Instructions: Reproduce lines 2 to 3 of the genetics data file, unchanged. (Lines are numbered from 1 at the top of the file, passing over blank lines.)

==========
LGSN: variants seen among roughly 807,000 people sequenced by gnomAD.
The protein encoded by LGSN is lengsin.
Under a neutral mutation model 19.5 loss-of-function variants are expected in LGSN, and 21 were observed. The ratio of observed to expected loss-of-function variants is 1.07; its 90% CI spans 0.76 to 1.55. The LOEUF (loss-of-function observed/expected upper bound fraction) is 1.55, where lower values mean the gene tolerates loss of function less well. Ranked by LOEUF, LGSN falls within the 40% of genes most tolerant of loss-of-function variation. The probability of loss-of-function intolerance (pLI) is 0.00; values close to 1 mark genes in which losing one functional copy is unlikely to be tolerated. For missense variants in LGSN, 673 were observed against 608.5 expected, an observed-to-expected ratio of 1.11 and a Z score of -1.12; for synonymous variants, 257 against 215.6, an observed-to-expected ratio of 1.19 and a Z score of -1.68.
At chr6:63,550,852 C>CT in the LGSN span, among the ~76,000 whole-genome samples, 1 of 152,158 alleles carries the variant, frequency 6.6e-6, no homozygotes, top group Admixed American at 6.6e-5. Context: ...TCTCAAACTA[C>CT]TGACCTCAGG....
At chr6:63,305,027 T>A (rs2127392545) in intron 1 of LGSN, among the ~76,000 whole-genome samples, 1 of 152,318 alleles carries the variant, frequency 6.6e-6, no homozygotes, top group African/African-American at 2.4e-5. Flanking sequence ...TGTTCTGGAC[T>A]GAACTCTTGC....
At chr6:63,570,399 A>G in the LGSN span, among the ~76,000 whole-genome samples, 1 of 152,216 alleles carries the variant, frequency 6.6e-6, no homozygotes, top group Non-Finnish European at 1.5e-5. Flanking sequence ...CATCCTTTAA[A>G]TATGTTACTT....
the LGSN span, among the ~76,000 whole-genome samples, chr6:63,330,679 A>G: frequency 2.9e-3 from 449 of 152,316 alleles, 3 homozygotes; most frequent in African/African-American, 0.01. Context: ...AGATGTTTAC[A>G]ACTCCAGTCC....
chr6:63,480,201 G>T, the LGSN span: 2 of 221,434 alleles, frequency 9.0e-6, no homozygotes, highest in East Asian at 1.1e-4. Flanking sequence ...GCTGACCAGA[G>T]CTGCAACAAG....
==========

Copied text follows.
The protein encoded by LGSN is lengsin.
Under a neutral mutation model 19.5 loss-of-function variants are expected in LGSN, and 21 were observed. The ratio of observed to expected loss-of-function variants is 1.07; its 90% CI spans 0.76 to 1.55. The LOEUF (loss-of-function observed/expected upper bound fraction) is 1.55, where lower values mean the gene tolerates loss of function less well. Ranked by LOEUF, LGSN falls within the 40% of genes most tolerant of loss-of-function variation. The probability of loss-of-function intolerance (pLI) is 0.00; values close to 1 mark genes in which losing one functional copy is unlikely to be tolerated. For missense variants in LGSN, 673 were observed against 608.5 expected, an observed-to-expected ratio of 1.11 and a Z score of -1.12; for synonymous variants, 257 against 215.6, an observed-to-expected ratio of 1.19 and a Z score of -1.68.